“These diseases have a 50-50 chance of being passed on, because they are caused by a single faulty ‘dominant’ gene,” says Dr Ali. “This means that if you inherit a healthy gene from one parent and a faulty gene from the other parent, the faulty gene will always be the one that is used because it’s the ‘dominant’ gene.”

Frontotemporal dementia (FTD) is relatively rare in comparison to Alzheimer’s disease or vascular dementia, but it comes with an increased possibility of being passed on directly from parent to child, which can cause significant worry for families when diagnosed with FTD.

“Most FTD is not directly inherited,” says Dr Ali, “but about 40 per cent of people who develop the condition will have at least one close relative diagnosed with some kind of dementia. This can include FTD, Alzheimer’s disease or amyotrophic lateral sclerosis (ALS), sometimes known as motor neurone disease.

“In general, the greater the number of relatives who have had dementia — particularly FTD or ALS — the greater the chances of developing ‘familial’ FTD.”

More than half of people will never develop dementia even if they reach the age of 95. But dementia is not a normal part of ageing

Dr Ali advises that the World Health Organisation (WHO) says there are about 50 million people in the world with dementia, with nearly 10 million developing the condition each year.

“The likelihood of getting dementia increases with age,” she says. “Having said that, more than half of people will never develop dementia even if they reach the age of 95. But dementia is not a normal part of ageing. It is different to the age-associated memory impairment that is common in older people.”

Having risk factors for cardiovascular disease can also increase your risk of developing all types of dementia. These risk factors include smoking, raised cholesterol levels, drinking too much alcohol, not doing enough physical activity, being overweight, and having diabetes or high blood pressure.

“It would seem likely that doing something to modify these risk factors may reduce your risk of developing dementia,” says Dr Ali. “Stopping smoking, reducing excessive alcohol, and losing weight if you are overweight, for example, may all help to reduce your risk of dementia.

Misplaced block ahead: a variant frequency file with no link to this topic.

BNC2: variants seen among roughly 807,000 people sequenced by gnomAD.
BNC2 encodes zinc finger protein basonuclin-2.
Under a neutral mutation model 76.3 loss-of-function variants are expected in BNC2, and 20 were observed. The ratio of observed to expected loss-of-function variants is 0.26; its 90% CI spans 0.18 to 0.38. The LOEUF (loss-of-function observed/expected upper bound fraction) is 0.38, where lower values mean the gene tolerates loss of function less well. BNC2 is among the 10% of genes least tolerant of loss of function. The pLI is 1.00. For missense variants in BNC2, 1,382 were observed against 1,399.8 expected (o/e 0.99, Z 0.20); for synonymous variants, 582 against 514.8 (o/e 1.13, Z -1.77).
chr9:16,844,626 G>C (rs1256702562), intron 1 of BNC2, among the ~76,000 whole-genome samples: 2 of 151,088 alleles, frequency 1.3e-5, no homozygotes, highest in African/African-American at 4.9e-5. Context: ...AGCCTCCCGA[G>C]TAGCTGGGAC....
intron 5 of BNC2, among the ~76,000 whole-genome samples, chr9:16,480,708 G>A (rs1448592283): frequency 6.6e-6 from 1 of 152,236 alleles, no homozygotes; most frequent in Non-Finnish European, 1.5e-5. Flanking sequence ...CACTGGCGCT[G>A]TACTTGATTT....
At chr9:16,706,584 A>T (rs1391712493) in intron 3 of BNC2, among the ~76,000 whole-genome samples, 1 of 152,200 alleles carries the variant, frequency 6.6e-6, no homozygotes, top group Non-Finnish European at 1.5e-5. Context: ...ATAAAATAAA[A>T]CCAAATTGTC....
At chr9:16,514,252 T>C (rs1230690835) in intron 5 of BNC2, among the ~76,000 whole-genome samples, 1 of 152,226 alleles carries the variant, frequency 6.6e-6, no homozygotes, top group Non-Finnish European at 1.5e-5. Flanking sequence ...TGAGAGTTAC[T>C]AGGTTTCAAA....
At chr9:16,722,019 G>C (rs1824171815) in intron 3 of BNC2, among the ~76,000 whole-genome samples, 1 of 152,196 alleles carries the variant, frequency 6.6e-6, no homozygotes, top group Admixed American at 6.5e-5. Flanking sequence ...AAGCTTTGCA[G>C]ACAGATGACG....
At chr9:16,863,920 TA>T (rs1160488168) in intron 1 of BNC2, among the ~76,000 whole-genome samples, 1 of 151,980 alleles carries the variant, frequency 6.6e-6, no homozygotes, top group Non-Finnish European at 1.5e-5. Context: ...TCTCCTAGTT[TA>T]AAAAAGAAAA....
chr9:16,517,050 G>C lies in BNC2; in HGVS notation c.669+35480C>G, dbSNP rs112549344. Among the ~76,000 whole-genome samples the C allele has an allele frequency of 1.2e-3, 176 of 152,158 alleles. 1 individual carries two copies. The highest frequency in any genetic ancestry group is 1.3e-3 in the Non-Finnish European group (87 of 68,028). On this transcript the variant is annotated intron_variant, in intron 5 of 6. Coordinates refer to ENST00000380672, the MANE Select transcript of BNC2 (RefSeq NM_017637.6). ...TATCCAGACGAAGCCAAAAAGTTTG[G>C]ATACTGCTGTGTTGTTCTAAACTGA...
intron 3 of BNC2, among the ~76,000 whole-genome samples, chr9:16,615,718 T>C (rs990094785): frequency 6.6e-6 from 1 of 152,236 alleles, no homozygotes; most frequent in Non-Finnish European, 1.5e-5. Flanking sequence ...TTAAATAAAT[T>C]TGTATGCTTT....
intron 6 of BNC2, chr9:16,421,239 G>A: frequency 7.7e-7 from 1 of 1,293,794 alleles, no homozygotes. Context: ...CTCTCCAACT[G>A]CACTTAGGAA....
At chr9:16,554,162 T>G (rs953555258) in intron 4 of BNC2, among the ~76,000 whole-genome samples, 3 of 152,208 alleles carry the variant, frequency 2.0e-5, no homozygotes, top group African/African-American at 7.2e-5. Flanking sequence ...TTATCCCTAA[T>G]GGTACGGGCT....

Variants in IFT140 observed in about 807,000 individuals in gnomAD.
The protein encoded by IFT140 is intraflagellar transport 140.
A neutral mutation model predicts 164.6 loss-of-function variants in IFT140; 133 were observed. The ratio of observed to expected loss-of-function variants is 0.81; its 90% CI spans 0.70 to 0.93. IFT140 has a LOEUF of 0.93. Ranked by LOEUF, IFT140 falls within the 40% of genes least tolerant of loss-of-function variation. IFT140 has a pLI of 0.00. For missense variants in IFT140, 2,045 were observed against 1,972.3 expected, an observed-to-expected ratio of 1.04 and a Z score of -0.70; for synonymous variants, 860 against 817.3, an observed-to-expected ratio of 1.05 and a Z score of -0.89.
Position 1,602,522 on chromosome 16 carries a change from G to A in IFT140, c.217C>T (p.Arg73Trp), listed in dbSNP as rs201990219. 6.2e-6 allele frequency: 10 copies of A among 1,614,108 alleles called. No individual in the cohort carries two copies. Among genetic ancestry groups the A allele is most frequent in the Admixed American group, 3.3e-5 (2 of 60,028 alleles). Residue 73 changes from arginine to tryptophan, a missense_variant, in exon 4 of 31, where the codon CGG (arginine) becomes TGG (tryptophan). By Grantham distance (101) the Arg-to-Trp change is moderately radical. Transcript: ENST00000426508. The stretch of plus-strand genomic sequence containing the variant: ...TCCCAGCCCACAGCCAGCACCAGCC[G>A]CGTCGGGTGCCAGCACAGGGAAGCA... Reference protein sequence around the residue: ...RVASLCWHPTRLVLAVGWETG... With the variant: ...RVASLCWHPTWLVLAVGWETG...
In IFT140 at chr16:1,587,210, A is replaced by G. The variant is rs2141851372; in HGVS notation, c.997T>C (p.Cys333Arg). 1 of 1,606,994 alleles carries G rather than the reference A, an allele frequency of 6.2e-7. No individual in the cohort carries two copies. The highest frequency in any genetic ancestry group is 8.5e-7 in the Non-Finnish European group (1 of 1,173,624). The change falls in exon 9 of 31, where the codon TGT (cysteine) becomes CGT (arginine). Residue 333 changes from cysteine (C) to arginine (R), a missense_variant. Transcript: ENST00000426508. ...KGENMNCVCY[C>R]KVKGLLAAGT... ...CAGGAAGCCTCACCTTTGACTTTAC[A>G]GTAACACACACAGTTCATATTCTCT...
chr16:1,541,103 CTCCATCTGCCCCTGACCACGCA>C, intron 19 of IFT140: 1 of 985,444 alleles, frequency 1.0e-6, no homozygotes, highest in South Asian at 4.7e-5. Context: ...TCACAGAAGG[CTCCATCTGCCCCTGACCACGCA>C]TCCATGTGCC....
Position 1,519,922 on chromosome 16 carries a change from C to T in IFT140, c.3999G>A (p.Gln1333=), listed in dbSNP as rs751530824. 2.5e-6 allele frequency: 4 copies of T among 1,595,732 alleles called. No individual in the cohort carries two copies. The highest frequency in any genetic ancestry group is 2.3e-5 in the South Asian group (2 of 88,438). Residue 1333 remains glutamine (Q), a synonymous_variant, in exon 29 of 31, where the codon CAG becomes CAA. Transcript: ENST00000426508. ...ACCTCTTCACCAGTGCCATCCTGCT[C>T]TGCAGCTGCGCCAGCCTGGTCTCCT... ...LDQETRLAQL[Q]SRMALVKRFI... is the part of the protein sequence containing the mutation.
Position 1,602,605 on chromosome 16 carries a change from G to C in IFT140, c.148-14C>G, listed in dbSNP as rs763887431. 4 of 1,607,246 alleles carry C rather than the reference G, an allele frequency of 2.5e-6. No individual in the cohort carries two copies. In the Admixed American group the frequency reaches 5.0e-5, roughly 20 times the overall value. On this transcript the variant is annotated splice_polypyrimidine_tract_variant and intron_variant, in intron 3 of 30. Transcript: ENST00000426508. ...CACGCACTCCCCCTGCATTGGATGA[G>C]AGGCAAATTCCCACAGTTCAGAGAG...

“Regular physical exercise is advised for all sorts of health benefits, including reducing the risk of dementia. One UK study suggested that a fifth of cases of Alzheimer’s disease might have been related to a lack of physical activity. It proposed that regular exercise might have prevented some of these cases. Keeping your brain active may also help to reduce your risk of developing dementia. So, for example, consider reading books, doing puzzles, learning a foreign language, playing a musical instrument etc.”

If you suspect early-onset familial dementia or Alzheimer’s, Dr Ali advises that the first step is to see your doctor. “He or she may suggest some special tests to look at your memory and mental ability, to see whether dementia is likely or not,” she says. “This does not take long, and is usually a series of questions or other exercises that your doctor asks you to complete.”

While studies regarding treatments and preventions are ongoing, including certain blood pressure medicines, omega-3 fatty acids, brain training exercises and the strategies listed above, Dr Ali advises that there is not yet convincing evidence available for any of these, and further research is needed.

In the meantime, we can continue to collect as much information as possible regarding our family health history, and look at our lifestyle choices and the environmental factors that play a part in the possibility of developing dementia, and making adjustments where needed.

Geraldine Walsh

Geraldine Walsh

Geraldine Walsh, a contributor to The Irish Times, writes about health and family